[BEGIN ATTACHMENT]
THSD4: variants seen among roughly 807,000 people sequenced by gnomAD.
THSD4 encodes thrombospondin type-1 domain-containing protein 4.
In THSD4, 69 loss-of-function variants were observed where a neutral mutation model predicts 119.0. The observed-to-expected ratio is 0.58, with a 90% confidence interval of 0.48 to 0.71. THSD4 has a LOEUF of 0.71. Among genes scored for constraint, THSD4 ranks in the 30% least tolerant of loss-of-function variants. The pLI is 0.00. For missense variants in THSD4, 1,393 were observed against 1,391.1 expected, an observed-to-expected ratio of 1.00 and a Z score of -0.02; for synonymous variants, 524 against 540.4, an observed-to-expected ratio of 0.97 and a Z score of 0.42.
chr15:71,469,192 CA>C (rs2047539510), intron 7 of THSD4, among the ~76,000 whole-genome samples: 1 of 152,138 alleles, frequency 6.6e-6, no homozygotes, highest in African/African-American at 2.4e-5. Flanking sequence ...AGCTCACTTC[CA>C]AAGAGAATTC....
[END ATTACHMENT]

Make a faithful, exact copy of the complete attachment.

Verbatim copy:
THSD4: variants seen among roughly 807,000 people sequenced by gnomAD.
THSD4 encodes thrombospondin type-1 domain-containing protein 4.
In THSD4, 69 loss-of-function variants were observed where a neutral mutation model predicts 119.0. The observed-to-expected ratio is 0.58, with a 90% confidence interval of 0.48 to 0.71. THSD4 has a LOEUF of 0.71. Among genes scored for constraint, THSD4 ranks in the 30% least tolerant of loss-of-function variants. The pLI is 0.00. For missense variants in THSD4, 1,393 were observed against 1,391.1 expected, an observed-to-expected ratio of 1.00 and a Z score of -0.02; for synonymous variants, 524 against 540.4, an observed-to-expected ratio of 0.97 and a Z score of 0.42.
chr15:71,469,192 CA>C (rs2047539510), intron 7 of THSD4, among the ~76,000 whole-genome samples: 1 of 152,138 alleles, frequency 6.6e-6, no homozygotes, highest in African/African-American at 2.4e-5. Flanking sequence ...AGCTCACTTC[CA>C]AAGAGAATTC....